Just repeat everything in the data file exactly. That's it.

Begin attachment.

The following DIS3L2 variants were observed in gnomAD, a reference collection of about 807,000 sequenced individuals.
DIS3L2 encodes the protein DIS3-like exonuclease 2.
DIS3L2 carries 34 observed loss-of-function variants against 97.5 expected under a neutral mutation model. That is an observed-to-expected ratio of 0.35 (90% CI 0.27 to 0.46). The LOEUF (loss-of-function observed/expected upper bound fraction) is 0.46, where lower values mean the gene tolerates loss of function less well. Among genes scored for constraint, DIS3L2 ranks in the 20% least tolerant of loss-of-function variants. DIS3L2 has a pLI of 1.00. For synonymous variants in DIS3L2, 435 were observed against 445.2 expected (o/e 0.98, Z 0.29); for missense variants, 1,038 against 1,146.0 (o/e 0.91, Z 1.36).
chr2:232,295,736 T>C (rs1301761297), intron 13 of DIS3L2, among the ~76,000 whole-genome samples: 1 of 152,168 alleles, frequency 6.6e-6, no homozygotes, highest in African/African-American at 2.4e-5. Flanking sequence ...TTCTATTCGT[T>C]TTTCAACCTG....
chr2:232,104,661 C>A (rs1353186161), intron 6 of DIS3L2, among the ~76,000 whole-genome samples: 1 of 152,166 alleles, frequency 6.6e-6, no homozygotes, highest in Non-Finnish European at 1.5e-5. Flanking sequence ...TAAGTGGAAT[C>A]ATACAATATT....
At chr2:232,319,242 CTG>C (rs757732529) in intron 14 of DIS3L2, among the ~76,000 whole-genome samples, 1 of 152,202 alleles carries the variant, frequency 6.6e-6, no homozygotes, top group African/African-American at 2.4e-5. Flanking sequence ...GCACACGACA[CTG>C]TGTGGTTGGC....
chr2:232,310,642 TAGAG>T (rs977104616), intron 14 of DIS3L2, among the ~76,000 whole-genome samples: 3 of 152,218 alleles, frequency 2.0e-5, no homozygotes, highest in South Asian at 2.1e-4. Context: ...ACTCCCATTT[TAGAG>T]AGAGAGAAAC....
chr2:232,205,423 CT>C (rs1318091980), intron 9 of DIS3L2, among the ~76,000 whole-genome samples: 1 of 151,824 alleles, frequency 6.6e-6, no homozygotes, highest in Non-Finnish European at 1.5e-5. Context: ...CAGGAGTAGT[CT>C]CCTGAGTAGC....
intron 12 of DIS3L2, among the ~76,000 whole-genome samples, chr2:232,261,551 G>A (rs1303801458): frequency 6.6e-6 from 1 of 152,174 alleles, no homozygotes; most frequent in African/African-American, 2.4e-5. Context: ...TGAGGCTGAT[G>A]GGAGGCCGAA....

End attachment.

The following DIS3L2 variants were observed in gnomAD, a reference collection of about 807,000 sequenced individuals.
DIS3L2 encodes the protein DIS3-like exonuclease 2.
DIS3L2 carries 34 observed loss-of-function variants against 97.5 expected under a neutral mutation model. That is an observed-to-expected ratio of 0.35 (90% CI 0.27 to 0.46). The LOEUF (loss-of-function observed/expected upper bound fraction) is 0.46, where lower values mean the gene tolerates loss of function less well. Among genes scored for constraint, DIS3L2 ranks in the 20% least tolerant of loss-of-function variants. DIS3L2 has a pLI of 1.00. For synonymous variants in DIS3L2, 435 were observed against 445.2 expected (o/e 0.98, Z 0.29); for missense variants, 1,038 against 1,146.0 (o/e 0.91, Z 1.36).
chr2:232,295,736 T>C (rs1301761297), intron 13 of DIS3L2, among the ~76,000 whole-genome samples: 1 of 152,168 alleles, frequency 6.6e-6, no homozygotes, highest in African/African-American at 2.4e-5. Flanking sequence ...TTCTATTCGT[T>C]TTTCAACCTG....
chr2:232,104,661 C>A (rs1353186161), intron 6 of DIS3L2, among the ~76,000 whole-genome samples: 1 of 152,166 alleles, frequency 6.6e-6, no homozygotes, highest in Non-Finnish European at 1.5e-5. Flanking sequence ...TAAGTGGAAT[C>A]ATACAATATT....
At chr2:232,319,242 CTG>C (rs757732529) in intron 14 of DIS3L2, among the ~76,000 whole-genome samples, 1 of 152,202 alleles carries the variant, frequency 6.6e-6, no homozygotes, top group African/African-American at 2.4e-5. Flanking sequence ...GCACACGACA[CTG>C]TGTGGTTGGC....
chr2:232,310,642 TAGAG>T (rs977104616), intron 14 of DIS3L2, among the ~76,000 whole-genome samples: 3 of 152,218 alleles, frequency 2.0e-5, no homozygotes, highest in South Asian at 2.1e-4. Context: ...ACTCCCATTT[TAGAG>T]AGAGAGAAAC....
chr2:232,205,423 CT>C (rs1318091980), intron 9 of DIS3L2, among the ~76,000 whole-genome samples: 1 of 151,824 alleles, frequency 6.6e-6, no homozygotes, highest in Non-Finnish European at 1.5e-5. Context: ...CAGGAGTAGT[CT>C]CCTGAGTAGC....
intron 12 of DIS3L2, among the ~76,000 whole-genome samples, chr2:232,261,551 G>A (rs1303801458): frequency 6.6e-6 from 1 of 152,174 alleles, no homozygotes; most frequent in African/African-American, 2.4e-5. Context: ...TGAGGCTGAT[G>A]GGAGGCCGAA....